By Edited by Scott McCracken Edited by Sally Ledger
This publication considers the ways that present conflicts of 'race', type, and gender have their roots within the Eighteen Nineties.
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It might seem a far cry from all this to those gay intellectuals like Edward Carpenter, who were especially enamoured of hunky railway workers and athletic East End policemen; but this is just a rather more literal version of the symbolic embracing of the 'real', the brawny proletarian as material object with which the estranged intellect must libidinally unite. For this above all is the age of artistic slumming, in which some raw, fascinating but fearful underworld lurks beneath the paper-thin structure of civilization, and in which destructive element you must immerse in the name of authenticity.
Given the preoccupation with empire in the 1890s, it is fascinating the way in which the post-Darwinian meaning of the word £ race' time and time again becomes inflected with imperialist overtones in the writings of the period. It would thus seem that the eugenics arguments which began to gather momentum in the 1890s were connected in a complex way with Britain's ongoing imperialist project, and many of the New Woman writers showed themselves to be complicit with this. In this context it is significant that alongside the feminist interest in eugenics in the 1890s, at the level of practice there was a general suspension of suffrage activity following the onset of the Boer War at the turn of the century; Millicent Garrett Fawcett wrote later that 'Two fires cannot burn together, and the most ardent of the suffragists felt that, while the war lasted, it was not a fitting time to press their own claims and objects.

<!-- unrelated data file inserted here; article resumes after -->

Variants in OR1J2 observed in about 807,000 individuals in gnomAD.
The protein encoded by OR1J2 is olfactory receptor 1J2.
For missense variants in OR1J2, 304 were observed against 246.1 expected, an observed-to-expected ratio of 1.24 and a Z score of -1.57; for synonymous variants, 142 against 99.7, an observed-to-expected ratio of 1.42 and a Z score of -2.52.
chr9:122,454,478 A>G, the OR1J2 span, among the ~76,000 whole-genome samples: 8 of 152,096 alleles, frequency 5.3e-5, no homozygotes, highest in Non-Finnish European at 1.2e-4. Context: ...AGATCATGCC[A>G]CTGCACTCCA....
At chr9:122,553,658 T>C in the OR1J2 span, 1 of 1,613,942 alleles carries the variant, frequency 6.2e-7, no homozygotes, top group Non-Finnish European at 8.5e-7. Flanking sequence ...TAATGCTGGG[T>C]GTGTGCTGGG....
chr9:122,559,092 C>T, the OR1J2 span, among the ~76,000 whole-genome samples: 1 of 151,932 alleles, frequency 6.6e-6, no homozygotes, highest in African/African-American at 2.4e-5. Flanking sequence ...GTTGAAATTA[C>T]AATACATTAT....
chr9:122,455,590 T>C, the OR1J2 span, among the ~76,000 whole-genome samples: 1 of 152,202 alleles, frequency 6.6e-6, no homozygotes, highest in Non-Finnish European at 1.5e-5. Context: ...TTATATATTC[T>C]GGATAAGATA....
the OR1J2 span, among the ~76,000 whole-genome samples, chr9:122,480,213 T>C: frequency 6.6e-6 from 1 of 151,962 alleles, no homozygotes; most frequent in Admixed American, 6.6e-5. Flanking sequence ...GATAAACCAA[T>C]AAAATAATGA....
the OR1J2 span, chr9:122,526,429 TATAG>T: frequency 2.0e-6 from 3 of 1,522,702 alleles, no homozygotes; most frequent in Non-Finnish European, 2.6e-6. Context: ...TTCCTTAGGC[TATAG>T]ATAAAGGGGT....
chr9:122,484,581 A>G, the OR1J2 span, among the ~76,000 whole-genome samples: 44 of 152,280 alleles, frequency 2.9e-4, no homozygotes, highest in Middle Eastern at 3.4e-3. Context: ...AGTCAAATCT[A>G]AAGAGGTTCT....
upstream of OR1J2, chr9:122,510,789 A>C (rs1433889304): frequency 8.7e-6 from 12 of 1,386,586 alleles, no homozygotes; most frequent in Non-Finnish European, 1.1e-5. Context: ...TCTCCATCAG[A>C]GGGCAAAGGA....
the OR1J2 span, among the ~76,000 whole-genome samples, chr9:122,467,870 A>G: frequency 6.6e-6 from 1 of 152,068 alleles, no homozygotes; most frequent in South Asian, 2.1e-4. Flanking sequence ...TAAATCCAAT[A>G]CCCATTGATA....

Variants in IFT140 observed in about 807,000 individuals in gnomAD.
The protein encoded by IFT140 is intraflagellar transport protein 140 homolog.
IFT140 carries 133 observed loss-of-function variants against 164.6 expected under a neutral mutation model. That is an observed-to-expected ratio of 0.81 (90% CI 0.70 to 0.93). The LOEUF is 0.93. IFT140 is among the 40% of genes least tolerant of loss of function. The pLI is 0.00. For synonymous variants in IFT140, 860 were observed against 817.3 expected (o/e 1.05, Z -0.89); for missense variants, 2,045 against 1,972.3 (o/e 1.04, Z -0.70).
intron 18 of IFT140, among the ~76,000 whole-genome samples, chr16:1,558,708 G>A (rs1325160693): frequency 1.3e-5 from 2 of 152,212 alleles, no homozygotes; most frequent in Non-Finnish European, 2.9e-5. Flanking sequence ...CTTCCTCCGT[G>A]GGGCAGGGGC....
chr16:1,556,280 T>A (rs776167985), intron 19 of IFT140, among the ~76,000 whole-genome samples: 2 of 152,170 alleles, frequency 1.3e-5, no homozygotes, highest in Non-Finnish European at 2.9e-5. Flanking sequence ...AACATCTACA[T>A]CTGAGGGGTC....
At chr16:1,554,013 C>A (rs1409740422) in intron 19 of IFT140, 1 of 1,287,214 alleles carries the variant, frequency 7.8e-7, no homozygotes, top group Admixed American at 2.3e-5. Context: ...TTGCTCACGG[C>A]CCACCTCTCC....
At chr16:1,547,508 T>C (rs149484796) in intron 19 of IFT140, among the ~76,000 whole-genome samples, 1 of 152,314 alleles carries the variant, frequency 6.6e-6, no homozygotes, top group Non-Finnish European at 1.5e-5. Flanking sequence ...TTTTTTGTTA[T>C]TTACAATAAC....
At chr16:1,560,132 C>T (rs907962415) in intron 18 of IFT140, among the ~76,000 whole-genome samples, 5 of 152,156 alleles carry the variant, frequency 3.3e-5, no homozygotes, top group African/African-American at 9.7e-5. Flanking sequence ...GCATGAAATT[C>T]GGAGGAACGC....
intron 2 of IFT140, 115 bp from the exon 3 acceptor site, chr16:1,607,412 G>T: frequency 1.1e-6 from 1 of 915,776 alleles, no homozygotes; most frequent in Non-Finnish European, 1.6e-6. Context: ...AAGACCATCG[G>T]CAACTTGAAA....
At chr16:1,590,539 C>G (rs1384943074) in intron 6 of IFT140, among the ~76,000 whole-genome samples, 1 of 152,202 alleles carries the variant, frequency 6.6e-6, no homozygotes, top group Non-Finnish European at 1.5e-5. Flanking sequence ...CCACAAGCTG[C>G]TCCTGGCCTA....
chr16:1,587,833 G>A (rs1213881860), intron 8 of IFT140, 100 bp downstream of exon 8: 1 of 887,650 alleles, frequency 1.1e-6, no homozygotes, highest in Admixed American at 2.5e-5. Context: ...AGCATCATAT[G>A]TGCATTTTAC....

What marks this whole dimension of the fin de siecle is a kind of mystical positivism, for which, after the endless lucubrations of high Victorian reason, that which simply, brutely, self-identically is, is the most alluring mystery of all. There is much of Whitman in this reverent espousal of the actual, but also a more general neurotic hankering for the very pith and texture of things, behind which we Nachgeborener may glimpse that old familiar lost object, the body of the mother. Evolutionary thought has struck all hierarchy out of Nature: in the tangled skeins of material development, it is impossible to say with any certainty which obscure life forms will give birth to some later mighty flourishing and which will not; which mollusc will perish in some biological cul-de-sac and which will pave the way to monopoly capitalism.
Cultural Politics at the Fin de Siècle by Edited by Scott McCracken Edited by Sally Ledger